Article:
Walgreens, Good Days cut costs for low-income patients

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Walgreens, Good Days cut costs for low-income patients

By Michael Johnsen - 03/12/2018
A recent Walgreens Center for Health & Wellbeing Research study showed that a collaboration between the nonprofit foundation Good Days and Walgreens local specialty pharmacies decreased medication copays by between 98% and 100% for low-income patients with complex conditions such as cancer, hepatitis C and rare diseases. In addition, data showed that collaborations between Walgreens and charitable organizations can also help decrease other costs that may inhibit treatment, including premiums and transportation to medical appointments.

“Helping our patients obtain life-extending medication by reducing the financial barrier is a critical step in their care,” Chris Creamer, senior director, Specialty Pharmacy Operations at Deerfield, Ill.-based Walgreens, said.  “Our specialty-trained pharmacists and technicians at our nearly 300 community-based specialty pharmacies throughout the country have a passion for caring for our patients holistically.  Collaborations with organizations like Good Days, ensures [that low-income patients can] afford to start and continue critical treatments.”

“Patient assistance charities provide a financial safety net  to individuals who may not otherwise be able to access the life-saving medication they need. There are many side effects that a patient may experience while taking the prescribed medication, however bankruptcy should not be one of them,” Clorinda Walley, president of Good Days, said. “When there is no cost-effective alternative, a hefty copayment without the support of charitable assistance only discourages necessary care. This research illustrates the needs of individual patients and the benefits of cost-sharing.”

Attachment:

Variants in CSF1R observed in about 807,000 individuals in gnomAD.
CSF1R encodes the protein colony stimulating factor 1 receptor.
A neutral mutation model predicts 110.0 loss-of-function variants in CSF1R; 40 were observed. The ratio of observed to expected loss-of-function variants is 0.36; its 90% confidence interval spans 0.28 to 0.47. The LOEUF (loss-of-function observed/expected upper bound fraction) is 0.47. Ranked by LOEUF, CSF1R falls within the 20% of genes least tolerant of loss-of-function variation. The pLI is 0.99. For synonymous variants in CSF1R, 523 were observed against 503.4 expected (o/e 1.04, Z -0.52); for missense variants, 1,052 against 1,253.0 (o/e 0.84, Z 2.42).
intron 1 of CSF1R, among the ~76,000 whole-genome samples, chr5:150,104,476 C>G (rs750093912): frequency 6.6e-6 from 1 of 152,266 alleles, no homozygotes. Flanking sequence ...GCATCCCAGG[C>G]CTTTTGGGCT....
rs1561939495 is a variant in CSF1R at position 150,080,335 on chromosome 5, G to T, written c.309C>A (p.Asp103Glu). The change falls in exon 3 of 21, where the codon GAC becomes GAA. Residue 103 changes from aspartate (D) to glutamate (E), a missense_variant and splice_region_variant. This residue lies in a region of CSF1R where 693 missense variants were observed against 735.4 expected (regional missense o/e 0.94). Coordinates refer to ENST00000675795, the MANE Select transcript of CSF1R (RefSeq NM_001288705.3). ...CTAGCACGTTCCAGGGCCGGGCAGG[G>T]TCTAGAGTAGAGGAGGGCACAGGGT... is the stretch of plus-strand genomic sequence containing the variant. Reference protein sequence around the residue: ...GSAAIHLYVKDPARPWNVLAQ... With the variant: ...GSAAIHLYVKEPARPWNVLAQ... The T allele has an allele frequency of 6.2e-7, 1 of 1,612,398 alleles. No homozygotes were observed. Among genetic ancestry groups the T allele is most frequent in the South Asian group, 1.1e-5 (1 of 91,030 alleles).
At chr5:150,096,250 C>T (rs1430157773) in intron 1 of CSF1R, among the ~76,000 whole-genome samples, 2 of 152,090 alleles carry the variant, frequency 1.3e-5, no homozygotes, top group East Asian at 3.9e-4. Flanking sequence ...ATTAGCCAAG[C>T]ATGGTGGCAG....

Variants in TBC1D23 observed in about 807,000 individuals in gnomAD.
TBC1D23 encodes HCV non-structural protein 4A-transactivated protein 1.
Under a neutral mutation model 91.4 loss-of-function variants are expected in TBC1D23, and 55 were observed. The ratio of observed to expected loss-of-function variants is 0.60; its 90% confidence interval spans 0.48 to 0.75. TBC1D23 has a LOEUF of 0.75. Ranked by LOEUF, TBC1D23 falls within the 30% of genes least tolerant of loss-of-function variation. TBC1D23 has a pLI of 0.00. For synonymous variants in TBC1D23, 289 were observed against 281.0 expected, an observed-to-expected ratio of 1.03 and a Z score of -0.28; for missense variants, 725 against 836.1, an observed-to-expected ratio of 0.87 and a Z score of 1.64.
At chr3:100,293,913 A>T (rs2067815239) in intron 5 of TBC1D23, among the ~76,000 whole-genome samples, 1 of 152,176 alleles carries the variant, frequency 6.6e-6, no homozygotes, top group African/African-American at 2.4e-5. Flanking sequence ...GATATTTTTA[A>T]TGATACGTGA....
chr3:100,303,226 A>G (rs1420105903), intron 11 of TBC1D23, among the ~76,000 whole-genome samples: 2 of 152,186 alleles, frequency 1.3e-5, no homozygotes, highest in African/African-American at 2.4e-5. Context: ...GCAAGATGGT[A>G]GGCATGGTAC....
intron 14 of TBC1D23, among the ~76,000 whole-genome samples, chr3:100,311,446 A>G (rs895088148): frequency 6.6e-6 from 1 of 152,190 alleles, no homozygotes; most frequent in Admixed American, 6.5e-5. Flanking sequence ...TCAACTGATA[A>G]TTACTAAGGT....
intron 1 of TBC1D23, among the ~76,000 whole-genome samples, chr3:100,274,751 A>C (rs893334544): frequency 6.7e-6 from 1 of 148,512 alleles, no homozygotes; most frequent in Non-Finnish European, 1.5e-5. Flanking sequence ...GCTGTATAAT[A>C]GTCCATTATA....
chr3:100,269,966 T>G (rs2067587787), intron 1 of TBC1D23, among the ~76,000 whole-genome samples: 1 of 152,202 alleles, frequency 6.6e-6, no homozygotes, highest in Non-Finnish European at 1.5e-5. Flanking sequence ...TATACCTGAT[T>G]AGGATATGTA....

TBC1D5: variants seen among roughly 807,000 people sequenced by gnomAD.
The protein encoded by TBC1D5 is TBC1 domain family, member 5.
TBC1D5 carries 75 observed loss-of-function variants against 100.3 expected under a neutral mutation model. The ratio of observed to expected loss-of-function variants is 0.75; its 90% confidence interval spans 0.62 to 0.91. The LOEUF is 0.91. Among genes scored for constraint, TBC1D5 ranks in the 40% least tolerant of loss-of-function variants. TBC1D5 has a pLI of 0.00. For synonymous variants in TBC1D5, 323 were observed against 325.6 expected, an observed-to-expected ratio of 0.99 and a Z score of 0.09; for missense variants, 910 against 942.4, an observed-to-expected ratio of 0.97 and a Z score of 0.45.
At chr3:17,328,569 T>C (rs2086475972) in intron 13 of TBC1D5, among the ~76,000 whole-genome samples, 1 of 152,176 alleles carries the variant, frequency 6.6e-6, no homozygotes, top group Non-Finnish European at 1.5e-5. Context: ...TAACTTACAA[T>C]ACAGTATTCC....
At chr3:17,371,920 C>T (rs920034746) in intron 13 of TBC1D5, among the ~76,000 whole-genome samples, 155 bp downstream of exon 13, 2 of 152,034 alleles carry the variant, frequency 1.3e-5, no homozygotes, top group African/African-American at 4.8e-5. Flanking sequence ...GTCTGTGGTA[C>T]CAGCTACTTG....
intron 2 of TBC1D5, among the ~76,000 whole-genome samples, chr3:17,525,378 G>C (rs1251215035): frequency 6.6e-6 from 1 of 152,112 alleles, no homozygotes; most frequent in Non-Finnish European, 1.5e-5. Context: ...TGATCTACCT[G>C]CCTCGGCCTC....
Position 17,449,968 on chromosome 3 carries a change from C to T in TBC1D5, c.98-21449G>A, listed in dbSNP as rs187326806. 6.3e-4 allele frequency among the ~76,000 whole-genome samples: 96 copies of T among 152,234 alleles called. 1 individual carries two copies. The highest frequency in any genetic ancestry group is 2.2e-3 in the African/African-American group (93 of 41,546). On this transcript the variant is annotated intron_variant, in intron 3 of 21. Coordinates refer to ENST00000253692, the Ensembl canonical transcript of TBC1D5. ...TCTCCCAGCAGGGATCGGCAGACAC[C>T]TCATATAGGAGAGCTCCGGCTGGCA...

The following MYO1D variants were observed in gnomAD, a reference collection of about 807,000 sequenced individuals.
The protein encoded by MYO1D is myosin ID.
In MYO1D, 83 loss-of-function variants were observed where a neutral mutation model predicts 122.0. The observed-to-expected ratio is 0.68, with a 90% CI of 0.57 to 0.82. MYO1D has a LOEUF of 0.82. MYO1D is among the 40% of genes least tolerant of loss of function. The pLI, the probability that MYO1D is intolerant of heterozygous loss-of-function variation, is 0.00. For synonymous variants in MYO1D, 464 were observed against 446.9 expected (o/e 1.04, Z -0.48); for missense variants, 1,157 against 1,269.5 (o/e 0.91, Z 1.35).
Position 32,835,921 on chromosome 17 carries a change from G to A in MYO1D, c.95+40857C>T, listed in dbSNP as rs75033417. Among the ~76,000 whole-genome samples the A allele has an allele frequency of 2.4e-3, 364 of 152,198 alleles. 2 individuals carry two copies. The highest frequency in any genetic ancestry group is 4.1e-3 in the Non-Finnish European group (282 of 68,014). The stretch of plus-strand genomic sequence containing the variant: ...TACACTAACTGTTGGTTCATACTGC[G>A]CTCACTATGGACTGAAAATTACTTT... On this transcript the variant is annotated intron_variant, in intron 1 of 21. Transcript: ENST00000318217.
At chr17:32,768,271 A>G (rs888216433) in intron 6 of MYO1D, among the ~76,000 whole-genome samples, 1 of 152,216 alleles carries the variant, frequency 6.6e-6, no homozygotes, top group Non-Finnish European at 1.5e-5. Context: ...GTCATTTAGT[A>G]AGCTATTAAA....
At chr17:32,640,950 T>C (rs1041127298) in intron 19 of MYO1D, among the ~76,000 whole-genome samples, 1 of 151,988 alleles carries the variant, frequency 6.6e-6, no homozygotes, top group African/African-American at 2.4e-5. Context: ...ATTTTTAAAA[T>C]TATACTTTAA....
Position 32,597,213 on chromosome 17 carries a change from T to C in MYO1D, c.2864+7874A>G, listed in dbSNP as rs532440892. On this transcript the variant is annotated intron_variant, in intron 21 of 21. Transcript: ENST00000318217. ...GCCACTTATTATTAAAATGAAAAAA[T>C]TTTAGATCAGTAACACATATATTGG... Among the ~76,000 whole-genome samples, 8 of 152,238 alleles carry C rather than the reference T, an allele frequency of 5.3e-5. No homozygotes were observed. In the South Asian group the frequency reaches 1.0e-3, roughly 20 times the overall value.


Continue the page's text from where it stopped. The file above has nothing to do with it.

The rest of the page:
The retrospective study regarding low-income patients won honorable mention in the 2017 PAN CHALLENGE and was published in the American Journal of Managed Care.  This study used a joint pharmacy and foundational database to assess patient outcomes.

Key takeaways included:

  • While the average annual income of patients who received financial assistance was only $20,000, their copay before assistance was as high as $4,200 a year, representing a significant burden on their families;

  • After medication copay financial assistance, patient copays were reduced to between $0 and $51 per year for patients; and

  • The high-cost burden of medications used to treat costly diseases could be reduced if patients were able to take advantage of financial assistance programs offered by non-profit organizations, foundations and pharmaceutical companies.


The article was published in the third annual supplement featuring winning papers from the PAN Challenge, a collaboration between The Patient Access Network Foundation and The American Journal of Managed Care to encourage scholarship that would find new solutions to the challenges of patient access and cost sharing when patients need life-saving therapies.